Inappropriate risk perception for SARS-CoV-2 infection among Italian HCWs in the eve of COVID-19 pandemic

Main Article Content

Matteo Riccò http://orcid.org/0000-0002-6525-2159
Luigi Vezzosi
Federica Balzarini
Nicola Luigi Bragazzi

Keywords

COVID-19, SARS-CoV-2, Personal protective equipment, Knowledge Attitudes Practices (KAP), Risk Perception

Abstract

Sir,


Italy has been recently involved in the outbreak of severe interstitial pneumonia associated with the previously unknown Coronavirus SARS-CoV-2 (1,2). Even before the notification of the first autochthonous cases, the SARS-CoV-2 associated syndrome (COVID-19) had raised an intense attention in the public opinion (3), with a counterproductive over-abundance of mixed quality information. As even Italian healthcare workers (HCWs) were not spared by subsequent misunderstandings and knowledge gaps during the previous influenza pandemic of 2009 (4), we performed a web-based survey (Google® Modules), specifically aimed to characterize knowledge status and risk perceptions in a sample from participating to 6 Facebook discussion groups (181,684 total unique members at the time of the study). The questionnaire was made available between February 1st and 7th, 2020, i.e. around 2 weeks before the first COVID-19 was officially diagnosed in Italian residents.


 


Overall, the sampled population included 2106 respondents (Table 1), and 39.3% were HCWs. Even though HCWs were more likely to exhibit a better understanding of SARS-CoV-2/COVID-19 related issues (aOR 2.195, 95%CI 1.809 to 2.664), they were not exempt for misunderstandings, particularly on actual incidence and lethality of COVID-19. Interestingly, most of respondents were aware of the main clinical features of COVID-19, with HCWs more frequently acknowledging that the COVID-19 may run pauci- or even asymptomatic (86.3% vs. 79.1%), resembling an Influenza-Like Illness (i.e. fever, cough, headache, etc.), with a potential latency up to 14 days (85·9% vs· 80·3%), eventually spreading by droplets (98.5% vs. 92.7%) rather through running water (92.3% vs· 79.8%), or blood/body fluids (88.0% vs. 70.4%).


 


Retrospectively, the assessment of preventive measures and risk perception appears somewhat worrisome. For instance, while HCWs were more likely to acknowledge as an appropriate preventive measure wearing a filtering mask (i.e. N95/FFP2/3 mask; aOR 2.296, 95%CI 1.507 to 3.946), around ¼ of HCWs failed to recognize the importance of such personal protective equipment, while 7.4% felt as appropriate the wearing of a surgical mask.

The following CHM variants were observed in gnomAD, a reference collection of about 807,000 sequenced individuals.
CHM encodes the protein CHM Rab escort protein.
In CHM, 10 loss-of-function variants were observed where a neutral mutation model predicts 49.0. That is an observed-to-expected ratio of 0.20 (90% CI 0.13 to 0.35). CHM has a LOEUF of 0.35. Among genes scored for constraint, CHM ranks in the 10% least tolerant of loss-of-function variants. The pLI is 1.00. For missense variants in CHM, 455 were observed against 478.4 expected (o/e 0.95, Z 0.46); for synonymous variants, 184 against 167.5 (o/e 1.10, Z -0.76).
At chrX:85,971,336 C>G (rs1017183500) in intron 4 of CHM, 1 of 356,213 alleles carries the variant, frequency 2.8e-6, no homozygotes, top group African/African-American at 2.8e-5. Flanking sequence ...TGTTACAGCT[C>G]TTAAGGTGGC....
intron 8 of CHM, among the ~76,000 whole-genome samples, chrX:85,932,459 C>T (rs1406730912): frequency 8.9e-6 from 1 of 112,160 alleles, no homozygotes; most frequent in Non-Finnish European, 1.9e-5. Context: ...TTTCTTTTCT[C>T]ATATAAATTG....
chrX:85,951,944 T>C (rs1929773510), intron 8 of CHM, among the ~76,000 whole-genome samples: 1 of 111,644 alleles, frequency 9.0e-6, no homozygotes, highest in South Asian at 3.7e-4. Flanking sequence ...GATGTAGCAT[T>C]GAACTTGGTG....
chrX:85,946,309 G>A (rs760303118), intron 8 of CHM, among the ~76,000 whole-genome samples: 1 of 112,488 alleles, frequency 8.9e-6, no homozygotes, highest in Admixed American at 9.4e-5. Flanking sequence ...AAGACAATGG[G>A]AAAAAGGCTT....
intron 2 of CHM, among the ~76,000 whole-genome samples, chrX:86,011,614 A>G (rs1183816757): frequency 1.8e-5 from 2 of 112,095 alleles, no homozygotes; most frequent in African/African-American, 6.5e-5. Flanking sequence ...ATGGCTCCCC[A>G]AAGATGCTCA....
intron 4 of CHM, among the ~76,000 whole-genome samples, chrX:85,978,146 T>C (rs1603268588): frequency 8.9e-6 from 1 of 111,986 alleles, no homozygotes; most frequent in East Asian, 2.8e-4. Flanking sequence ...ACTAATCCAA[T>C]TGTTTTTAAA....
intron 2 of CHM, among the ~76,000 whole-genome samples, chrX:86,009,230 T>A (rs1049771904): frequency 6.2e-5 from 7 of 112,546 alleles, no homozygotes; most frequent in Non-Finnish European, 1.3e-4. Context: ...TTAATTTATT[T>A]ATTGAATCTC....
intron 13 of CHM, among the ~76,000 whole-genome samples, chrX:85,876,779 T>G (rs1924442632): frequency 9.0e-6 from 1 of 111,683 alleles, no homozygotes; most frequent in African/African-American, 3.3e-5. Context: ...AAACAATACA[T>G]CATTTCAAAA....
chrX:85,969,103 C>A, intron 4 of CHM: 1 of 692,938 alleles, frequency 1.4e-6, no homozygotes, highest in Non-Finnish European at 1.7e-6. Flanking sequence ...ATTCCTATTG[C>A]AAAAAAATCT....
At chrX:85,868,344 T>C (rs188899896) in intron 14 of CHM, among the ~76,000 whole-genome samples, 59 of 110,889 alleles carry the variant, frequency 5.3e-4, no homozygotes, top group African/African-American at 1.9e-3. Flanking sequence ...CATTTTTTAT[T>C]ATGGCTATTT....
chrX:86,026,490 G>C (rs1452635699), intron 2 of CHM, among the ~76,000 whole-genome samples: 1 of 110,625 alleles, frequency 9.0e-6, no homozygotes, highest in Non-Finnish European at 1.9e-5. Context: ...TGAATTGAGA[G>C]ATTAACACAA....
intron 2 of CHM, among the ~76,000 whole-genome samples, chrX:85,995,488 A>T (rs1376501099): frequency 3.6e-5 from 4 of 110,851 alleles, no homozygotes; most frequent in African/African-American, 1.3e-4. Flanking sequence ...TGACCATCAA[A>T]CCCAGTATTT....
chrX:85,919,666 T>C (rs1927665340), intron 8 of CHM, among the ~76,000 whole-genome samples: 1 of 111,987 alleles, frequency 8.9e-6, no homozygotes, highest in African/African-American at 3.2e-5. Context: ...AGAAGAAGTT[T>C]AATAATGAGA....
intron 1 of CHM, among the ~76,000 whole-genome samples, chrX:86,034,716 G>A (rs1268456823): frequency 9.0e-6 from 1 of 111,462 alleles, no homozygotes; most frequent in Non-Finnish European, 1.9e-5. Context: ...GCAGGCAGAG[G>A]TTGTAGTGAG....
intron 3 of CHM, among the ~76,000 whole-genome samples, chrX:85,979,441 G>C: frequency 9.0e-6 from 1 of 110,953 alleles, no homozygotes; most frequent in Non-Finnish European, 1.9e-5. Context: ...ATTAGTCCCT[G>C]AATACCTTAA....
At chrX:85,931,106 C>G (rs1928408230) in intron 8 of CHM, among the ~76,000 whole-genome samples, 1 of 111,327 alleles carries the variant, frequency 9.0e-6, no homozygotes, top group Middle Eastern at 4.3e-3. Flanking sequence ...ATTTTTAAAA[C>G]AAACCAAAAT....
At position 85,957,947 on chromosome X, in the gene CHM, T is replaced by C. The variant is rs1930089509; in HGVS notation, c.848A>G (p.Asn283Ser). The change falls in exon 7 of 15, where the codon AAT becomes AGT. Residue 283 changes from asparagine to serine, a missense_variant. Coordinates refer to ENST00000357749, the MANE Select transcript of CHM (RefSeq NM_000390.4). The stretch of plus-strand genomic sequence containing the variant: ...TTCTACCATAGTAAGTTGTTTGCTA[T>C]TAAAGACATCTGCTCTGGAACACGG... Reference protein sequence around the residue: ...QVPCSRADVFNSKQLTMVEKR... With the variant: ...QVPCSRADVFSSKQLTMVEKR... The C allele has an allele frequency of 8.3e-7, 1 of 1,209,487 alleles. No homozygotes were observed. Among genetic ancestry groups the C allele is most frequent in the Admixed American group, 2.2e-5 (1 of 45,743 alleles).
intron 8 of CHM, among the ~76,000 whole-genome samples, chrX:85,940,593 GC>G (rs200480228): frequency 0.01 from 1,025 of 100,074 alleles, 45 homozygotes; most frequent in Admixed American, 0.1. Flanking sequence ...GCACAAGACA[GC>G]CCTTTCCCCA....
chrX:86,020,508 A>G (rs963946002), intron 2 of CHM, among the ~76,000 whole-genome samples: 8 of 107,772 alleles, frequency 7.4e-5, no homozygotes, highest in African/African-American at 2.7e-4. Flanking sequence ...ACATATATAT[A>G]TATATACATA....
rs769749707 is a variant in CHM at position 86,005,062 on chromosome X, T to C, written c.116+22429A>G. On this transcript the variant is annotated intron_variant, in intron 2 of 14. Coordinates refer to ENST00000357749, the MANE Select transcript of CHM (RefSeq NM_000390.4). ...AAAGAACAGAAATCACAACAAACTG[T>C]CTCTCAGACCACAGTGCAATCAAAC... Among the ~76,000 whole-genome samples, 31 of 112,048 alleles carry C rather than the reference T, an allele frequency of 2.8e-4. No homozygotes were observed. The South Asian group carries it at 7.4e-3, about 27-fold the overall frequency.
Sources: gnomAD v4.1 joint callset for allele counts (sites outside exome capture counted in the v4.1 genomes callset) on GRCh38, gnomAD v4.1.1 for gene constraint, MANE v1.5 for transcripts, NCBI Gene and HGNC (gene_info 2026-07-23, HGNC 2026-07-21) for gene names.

Moreover, not only COVID-19 was appropriately acknowledged as a severe disease by only 62.0% of respondents, with no differences between HCWs and non-HCWs, but an even smaller share (i.e. 8.0%) reported any concern for being infected by SARS-CoV-2 in Italy. In fact, at the time of the survey SARS-CoV-2 was more properly associated with international travelers (26.7%).


 


Our results are therefore of certain interests for several reasons. First at all, early epidemiological reports on the Italian cases of COVID-19 hint towards some failures in the initial management of incident cases (5-6). In fact, in our survey a large share of respondents substantially overlooked the risk to interact with SARS-CoV-2 positive subjects, that was otherwise perceived as a not-so-severe disease (i.e. “nothing more than a seasonal flu”, as often described in some social media) (7). Moreover, around a 1/3 of HCWs participating to the study presumptively did not use proper personal protective equipment for the airways interacting with possible COVID-19 cases, either underestimating the infection risk or being unable to recognize early symptoms. Actually, the base of evidence shared by participants at the time of the study substantially ignored that COVID-19 may be characterized by dermatologic and gastro-intestinal symptoms (8-9). As most of infections may be actually pauci- or asymptomatic, such early exposure in the healthcare settings may have contributed to the quick spreading of SARS-CoV-2 epidemic in Northern Italy.


 


Therefore, despite the intrinsic limits of a convenience sampling, web-based survey (10), our study stresses the importance to improve the overall quality of information on COVID-19 conveyed not only in HCWs, but also in the general population. Moreover, our data may contribute to clarify the early stages of SARS-CoV-2 pandemic in Italy.

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